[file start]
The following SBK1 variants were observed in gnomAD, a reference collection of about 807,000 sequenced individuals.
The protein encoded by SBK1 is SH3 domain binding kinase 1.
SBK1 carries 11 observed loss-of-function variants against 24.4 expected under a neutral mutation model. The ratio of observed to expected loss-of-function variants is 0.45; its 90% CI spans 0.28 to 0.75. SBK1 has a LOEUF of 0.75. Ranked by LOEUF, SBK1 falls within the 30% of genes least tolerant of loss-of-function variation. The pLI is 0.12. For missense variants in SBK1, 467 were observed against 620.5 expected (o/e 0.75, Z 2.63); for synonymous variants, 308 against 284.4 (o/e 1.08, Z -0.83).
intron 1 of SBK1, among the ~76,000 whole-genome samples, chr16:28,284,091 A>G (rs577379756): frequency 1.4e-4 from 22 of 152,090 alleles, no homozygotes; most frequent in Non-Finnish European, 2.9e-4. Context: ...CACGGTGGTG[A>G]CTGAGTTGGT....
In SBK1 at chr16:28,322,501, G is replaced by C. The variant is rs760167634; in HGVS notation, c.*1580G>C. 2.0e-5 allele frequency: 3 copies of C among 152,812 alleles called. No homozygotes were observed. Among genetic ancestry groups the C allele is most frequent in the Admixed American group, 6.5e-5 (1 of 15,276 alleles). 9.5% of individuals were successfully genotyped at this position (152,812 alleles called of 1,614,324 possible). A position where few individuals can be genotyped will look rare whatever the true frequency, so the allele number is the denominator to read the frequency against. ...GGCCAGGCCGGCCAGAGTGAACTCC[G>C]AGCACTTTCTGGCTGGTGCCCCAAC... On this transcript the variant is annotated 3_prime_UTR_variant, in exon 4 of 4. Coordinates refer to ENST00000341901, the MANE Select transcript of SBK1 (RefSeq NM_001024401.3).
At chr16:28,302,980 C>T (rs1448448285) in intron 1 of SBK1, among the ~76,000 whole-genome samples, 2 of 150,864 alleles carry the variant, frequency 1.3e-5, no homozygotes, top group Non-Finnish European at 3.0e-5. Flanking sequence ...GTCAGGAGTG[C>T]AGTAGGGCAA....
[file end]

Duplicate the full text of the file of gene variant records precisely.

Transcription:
The following SBK1 variants were observed in gnomAD, a reference collection of about 807,000 sequenced individuals.
The protein encoded by SBK1 is SH3 domain binding kinase 1.
SBK1 carries 11 observed loss-of-function variants against 24.4 expected under a neutral mutation model. The ratio of observed to expected loss-of-function variants is 0.45; its 90% CI spans 0.28 to 0.75. SBK1 has a LOEUF of 0.75. Ranked by LOEUF, SBK1 falls within the 30% of genes least tolerant of loss-of-function variation. The pLI is 0.12. For missense variants in SBK1, 467 were observed against 620.5 expected (o/e 0.75, Z 2.63); for synonymous variants, 308 against 284.4 (o/e 1.08, Z -0.83).
intron 1 of SBK1, among the ~76,000 whole-genome samples, chr16:28,284,091 A>G (rs577379756): frequency 1.4e-4 from 22 of 152,090 alleles, no homozygotes; most frequent in Non-Finnish European, 2.9e-4. Context: ...CACGGTGGTG[A>G]CTGAGTTGGT....
In SBK1 at chr16:28,322,501, G is replaced by C. The variant is rs760167634; in HGVS notation, c.*1580G>C. 2.0e-5 allele frequency: 3 copies of C among 152,812 alleles called. No homozygotes were observed. Among genetic ancestry groups the C allele is most frequent in the Admixed American group, 6.5e-5 (1 of 15,276 alleles). 9.5% of individuals were successfully genotyped at this position (152,812 alleles called of 1,614,324 possible). A position where few individuals can be genotyped will look rare whatever the true frequency, so the allele number is the denominator to read the frequency against. ...GGCCAGGCCGGCCAGAGTGAACTCC[G>C]AGCACTTTCTGGCTGGTGCCCCAAC... On this transcript the variant is annotated 3_prime_UTR_variant, in exon 4 of 4. Coordinates refer to ENST00000341901, the MANE Select transcript of SBK1 (RefSeq NM_001024401.3).
At chr16:28,302,980 C>T (rs1448448285) in intron 1 of SBK1, among the ~76,000 whole-genome samples, 2 of 150,864 alleles carry the variant, frequency 1.3e-5, no homozygotes, top group Non-Finnish European at 3.0e-5. Flanking sequence ...GTCAGGAGTG[C>T]AGTAGGGCAA....